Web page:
which was trodden slowly by the founders of the science.
Why is so long a preparation necessary to habituate oneself to this perfect rigour, which it would seem should naturally be imposed on all minds? This is a logical and psychological problem which is well worthy of study. But we shall not dwell on it; it is foreign to our subject. All I wish to insist on is, that we shall fail in our purpose unless we reconstruct the proofs of the elementary theorems, and give them, not the rough form in which they are left so as not to weary the beginner, but the form which will satisfy the skilled geometer.
I assume that the operation x + 1 has been defined; it consists in adding the number 1 to a given number x. Whatever may be said of this definition, it does not enter into the subsequent reasoning.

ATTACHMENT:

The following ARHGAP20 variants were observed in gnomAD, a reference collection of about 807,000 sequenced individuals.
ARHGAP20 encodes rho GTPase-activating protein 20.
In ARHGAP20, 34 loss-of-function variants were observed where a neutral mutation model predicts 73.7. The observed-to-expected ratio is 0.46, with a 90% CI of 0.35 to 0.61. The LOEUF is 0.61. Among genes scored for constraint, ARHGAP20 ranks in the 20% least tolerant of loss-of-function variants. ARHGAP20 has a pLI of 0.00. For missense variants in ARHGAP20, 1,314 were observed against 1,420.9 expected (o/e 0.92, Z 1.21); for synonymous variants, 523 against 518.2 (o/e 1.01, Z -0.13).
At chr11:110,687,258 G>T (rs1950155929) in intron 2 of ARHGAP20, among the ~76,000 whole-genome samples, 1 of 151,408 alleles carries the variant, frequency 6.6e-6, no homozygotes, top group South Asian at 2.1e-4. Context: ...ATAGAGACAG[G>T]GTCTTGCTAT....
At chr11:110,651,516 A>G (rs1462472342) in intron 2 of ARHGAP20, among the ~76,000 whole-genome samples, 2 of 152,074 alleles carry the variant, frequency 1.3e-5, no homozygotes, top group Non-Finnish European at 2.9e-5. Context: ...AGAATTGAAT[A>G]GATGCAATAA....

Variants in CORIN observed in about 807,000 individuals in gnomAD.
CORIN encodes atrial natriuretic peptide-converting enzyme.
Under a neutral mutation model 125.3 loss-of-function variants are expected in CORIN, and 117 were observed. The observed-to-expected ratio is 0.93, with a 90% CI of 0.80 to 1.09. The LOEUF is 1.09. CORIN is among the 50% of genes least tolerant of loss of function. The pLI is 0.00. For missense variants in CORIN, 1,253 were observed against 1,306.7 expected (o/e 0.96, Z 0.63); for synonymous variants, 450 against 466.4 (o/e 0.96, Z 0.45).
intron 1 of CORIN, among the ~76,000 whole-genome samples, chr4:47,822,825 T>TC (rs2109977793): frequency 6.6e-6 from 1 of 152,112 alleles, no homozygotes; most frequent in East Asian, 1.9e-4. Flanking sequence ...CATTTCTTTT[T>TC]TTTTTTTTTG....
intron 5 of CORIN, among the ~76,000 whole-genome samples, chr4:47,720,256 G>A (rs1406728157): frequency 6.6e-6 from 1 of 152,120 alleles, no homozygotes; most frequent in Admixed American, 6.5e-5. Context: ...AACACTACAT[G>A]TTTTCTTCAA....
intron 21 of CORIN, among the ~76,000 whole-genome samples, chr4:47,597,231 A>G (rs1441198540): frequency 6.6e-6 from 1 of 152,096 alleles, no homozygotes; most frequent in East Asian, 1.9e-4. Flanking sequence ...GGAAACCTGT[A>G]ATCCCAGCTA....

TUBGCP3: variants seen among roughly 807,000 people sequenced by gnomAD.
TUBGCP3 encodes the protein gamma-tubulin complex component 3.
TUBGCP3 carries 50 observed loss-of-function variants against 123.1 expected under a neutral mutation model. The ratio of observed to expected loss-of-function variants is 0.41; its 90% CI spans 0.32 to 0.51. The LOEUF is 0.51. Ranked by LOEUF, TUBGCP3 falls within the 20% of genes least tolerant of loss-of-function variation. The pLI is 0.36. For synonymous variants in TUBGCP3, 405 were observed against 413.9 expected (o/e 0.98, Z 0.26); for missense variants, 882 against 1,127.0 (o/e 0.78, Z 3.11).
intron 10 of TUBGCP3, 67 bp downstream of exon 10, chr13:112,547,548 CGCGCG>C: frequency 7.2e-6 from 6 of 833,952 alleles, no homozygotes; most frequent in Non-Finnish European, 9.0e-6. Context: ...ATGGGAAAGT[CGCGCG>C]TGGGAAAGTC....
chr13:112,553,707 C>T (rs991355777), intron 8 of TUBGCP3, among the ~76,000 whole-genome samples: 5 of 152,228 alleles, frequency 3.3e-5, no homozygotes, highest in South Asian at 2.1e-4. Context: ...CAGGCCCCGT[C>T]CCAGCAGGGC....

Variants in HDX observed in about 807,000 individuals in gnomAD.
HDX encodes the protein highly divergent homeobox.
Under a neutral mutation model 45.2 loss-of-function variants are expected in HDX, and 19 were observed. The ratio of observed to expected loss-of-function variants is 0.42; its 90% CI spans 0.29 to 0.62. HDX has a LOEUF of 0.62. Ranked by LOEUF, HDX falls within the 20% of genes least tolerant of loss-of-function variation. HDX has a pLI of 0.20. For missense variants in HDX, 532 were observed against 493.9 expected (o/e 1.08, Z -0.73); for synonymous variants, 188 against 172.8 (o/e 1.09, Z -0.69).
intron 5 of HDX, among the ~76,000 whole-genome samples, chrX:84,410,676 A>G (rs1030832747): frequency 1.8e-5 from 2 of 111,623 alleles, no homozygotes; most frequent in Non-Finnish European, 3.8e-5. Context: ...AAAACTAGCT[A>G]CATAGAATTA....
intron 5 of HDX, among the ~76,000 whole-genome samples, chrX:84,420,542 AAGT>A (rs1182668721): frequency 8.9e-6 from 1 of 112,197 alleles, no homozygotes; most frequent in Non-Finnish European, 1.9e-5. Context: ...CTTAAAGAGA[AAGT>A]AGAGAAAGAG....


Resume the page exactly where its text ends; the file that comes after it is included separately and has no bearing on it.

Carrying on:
We now have to define the operation x + a, which consists in adding the number a to any given number x. Suppose that we have defined the operation x+(a-1); the operation x+a will be defined by the equality: (1) x + a = [x + (a — 1)] + 1. We shall know what x + a is when we know what x + (a — 1) is, and as I have assumed that to start with we know what x+i is, we can define successively and "by recurrence" the operations x + 2, x + 3, etc. This definition deserves a moment's